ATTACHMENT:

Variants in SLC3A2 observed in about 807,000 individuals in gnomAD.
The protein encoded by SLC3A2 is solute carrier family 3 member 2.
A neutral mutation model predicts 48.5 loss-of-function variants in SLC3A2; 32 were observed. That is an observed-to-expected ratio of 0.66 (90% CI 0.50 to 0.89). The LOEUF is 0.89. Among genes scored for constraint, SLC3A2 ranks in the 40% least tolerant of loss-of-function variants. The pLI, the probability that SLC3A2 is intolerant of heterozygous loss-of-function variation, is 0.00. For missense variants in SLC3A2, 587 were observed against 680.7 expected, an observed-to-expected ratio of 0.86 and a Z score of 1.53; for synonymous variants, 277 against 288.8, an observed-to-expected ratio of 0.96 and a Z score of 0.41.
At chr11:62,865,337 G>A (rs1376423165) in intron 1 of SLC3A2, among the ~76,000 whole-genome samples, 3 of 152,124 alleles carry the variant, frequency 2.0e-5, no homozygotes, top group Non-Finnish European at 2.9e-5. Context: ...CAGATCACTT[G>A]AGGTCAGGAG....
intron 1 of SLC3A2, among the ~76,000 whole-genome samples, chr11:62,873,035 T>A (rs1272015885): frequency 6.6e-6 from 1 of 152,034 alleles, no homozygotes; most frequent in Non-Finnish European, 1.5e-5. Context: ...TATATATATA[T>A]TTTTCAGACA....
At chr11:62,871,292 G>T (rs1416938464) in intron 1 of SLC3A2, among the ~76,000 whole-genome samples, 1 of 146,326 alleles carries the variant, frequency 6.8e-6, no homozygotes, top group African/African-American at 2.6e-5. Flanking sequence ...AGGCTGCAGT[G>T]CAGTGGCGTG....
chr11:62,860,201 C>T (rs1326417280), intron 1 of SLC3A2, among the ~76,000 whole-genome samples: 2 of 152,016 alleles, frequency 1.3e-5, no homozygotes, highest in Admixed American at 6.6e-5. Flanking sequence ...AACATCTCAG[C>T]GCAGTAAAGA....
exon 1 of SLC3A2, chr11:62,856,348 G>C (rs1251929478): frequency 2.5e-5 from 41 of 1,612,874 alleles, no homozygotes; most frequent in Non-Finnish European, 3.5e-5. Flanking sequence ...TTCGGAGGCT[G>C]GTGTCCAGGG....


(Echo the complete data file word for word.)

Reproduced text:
Variants in SLC3A2 observed in about 807,000 individuals in gnomAD.
The protein encoded by SLC3A2 is solute carrier family 3 member 2.
A neutral mutation model predicts 48.5 loss-of-function variants in SLC3A2; 32 were observed. That is an observed-to-expected ratio of 0.66 (90% CI 0.50 to 0.89). The LOEUF is 0.89. Among genes scored for constraint, SLC3A2 ranks in the 40% least tolerant of loss-of-function variants. The pLI, the probability that SLC3A2 is intolerant of heterozygous loss-of-function variation, is 0.00. For missense variants in SLC3A2, 587 were observed against 680.7 expected, an observed-to-expected ratio of 0.86 and a Z score of 1.53; for synonymous variants, 277 against 288.8, an observed-to-expected ratio of 0.96 and a Z score of 0.41.
At chr11:62,865,337 G>A (rs1376423165) in intron 1 of SLC3A2, among the ~76,000 whole-genome samples, 3 of 152,124 alleles carry the variant, frequency 2.0e-5, no homozygotes, top group Non-Finnish European at 2.9e-5. Context: ...CAGATCACTT[G>A]AGGTCAGGAG....
intron 1 of SLC3A2, among the ~76,000 whole-genome samples, chr11:62,873,035 T>A (rs1272015885): frequency 6.6e-6 from 1 of 152,034 alleles, no homozygotes; most frequent in Non-Finnish European, 1.5e-5. Context: ...TATATATATA[T>A]TTTTCAGACA....
At chr11:62,871,292 G>T (rs1416938464) in intron 1 of SLC3A2, among the ~76,000 whole-genome samples, 1 of 146,326 alleles carries the variant, frequency 6.8e-6, no homozygotes, top group African/African-American at 2.6e-5. Flanking sequence ...AGGCTGCAGT[G>T]CAGTGGCGTG....
chr11:62,860,201 C>T (rs1326417280), intron 1 of SLC3A2, among the ~76,000 whole-genome samples: 2 of 152,016 alleles, frequency 1.3e-5, no homozygotes, highest in Admixed American at 6.6e-5. Flanking sequence ...AACATCTCAG[C>T]GCAGTAAAGA....
exon 1 of SLC3A2, chr11:62,856,348 G>C (rs1251929478): frequency 2.5e-5 from 41 of 1,612,874 alleles, no homozygotes; most frequent in Non-Finnish European, 3.5e-5. Flanking sequence ...TTCGGAGGCT[G>C]GTGTCCAGGG....